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What's In A Name? The Internet vs. The Real World

In the real world we own our name. I've got a birth certificate somewhere which confirms who I am and, short of changing it by deed poll, this name will remain with me until I shuffle off this mortal coil. Although there's quite a few Gary Gales out there on the Internet, this one is inextricably me and no-one can take that away from me.

But in the online world we don't so much as own our names, we ... lease them. I've "owned" the vicchi.org domain name continuously since April 2001 but it's not ownership as we understand it in the real world. If I don't renew my domain every so often it'll lapse and someone else, should they wish to, can take it over. This is an arrangement I can live with as it's the way the Internet domain name system works, like it or hate it. I will, at least, get some warning to renew my claim on (temporary) ownership of the domain as there's a financial arrangement at play. I pay some money and, domain grabs notwithstanding, I keep the domain for the duration of the period I've paid for.

The Non Golden Rules of Geo (Redux)

Back when I used to work for Yahoo! I wrote a lot of posts for the Geo Technologies blog; for reasons partially explained in my last post, that blog is now offline, presumed dead. But one post that seems to keep catching people's imagination is the one in which I, somewhat tongue in cheek, codified the Six Non Golden Rules Of Geo. Much to my satisfaction, it keeps getting mentioned, although the full original post is inaccessible, as is the rest of that blog. Nate Kelso reproduced part of it, as did John Goodwin but until earlier today I'd not been able to find the full post.

Step forward the aforementioned John Goodwin who, with a bit of internet detective work, managed to find a mirror of the post. While I much prefer to link to blog posts rather than reproduce them in full, in this case I'm plagiarising myself and making an exception on the ground of inaccessibility, and have mirrored the post in full here. It's worth mentioning that this post was originally written in February of 2009, when I was still working for Yahoo! so it's a little out of date and was originally posted as ...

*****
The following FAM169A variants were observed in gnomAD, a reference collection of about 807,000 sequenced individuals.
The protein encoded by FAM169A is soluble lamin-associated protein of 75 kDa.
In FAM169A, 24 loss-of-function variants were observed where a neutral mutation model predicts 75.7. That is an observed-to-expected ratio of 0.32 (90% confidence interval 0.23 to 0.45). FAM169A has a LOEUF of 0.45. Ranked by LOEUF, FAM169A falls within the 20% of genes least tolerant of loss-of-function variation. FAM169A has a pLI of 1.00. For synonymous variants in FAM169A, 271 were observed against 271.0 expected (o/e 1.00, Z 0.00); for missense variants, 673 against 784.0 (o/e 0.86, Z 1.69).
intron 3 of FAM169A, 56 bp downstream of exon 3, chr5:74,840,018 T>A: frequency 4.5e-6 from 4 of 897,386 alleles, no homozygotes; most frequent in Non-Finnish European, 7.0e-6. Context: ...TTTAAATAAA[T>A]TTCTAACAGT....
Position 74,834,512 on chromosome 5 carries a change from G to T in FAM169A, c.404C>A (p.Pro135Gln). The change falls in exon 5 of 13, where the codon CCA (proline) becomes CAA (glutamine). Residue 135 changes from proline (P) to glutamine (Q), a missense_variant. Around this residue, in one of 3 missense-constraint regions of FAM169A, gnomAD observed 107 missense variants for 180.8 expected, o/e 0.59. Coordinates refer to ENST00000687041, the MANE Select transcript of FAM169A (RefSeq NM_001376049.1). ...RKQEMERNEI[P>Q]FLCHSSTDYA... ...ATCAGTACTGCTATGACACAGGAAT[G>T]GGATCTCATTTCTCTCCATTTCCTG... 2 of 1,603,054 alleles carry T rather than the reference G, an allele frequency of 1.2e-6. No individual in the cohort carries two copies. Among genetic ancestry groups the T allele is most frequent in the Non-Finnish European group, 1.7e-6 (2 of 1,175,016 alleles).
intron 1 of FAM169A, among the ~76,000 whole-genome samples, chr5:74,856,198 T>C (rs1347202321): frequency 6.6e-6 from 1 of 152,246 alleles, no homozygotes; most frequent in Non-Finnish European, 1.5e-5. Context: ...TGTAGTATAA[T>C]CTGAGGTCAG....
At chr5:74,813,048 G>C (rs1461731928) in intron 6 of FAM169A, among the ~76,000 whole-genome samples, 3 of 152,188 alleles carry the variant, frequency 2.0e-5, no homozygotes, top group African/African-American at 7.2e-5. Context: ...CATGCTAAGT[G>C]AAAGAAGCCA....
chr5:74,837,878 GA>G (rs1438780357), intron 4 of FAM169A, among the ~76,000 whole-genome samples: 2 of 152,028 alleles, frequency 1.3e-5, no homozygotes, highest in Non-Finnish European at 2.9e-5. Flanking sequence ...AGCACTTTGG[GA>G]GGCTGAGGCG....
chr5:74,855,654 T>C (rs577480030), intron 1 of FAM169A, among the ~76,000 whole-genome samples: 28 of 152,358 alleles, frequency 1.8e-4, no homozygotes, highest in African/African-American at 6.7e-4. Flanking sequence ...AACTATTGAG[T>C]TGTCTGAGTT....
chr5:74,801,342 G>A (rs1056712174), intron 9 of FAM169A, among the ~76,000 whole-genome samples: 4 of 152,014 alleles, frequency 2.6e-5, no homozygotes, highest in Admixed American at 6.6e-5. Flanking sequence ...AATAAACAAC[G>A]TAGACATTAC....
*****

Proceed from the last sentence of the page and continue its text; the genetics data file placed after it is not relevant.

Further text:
The Opposite Of Geolocation Is ... Relocation?

First a disclaimer; there's one elsewhere on this blog but this post merits another. I used to work for Yahoo! as part of the Geo Technologies group. I now work for Nokia as part of their Location group. The opinions and ideas expressed in this post are absolutely just my own, and should not be confused with, or taken for, those of my current or past employers. It's just me here.

You may not have realised it but Friday May 27th. was a sad day for the Geo industry in London. Even without the benefit of knowing what was going on from ex-colleagues inside the company, the signs were there if you knew where to look for them and how to read them.

Before the Internet, companies, teams and projects could fade quietly into anonymity and into oblivion. But on the Internet, everything is in public and it's much harder to hide the tell tale signs. API updates and bug fixes cease. A web site or blog stops being updated or goes down altogether. A Twitter feed stops being an active living thing and becomes merely a historical record. Ex-colleagues start following you on Twitter or you start getting connection requests on LinkedIn whilst other colleagues start polishing and updating their LinkedIn profiles.

And May 27th. 2011? That was the day that the last of the remaining members of my old team at Yahoo! Geo Technologies left the Yahoo! office in London and that was the day that Yahoo! ceased to have a Geo presence in the UK.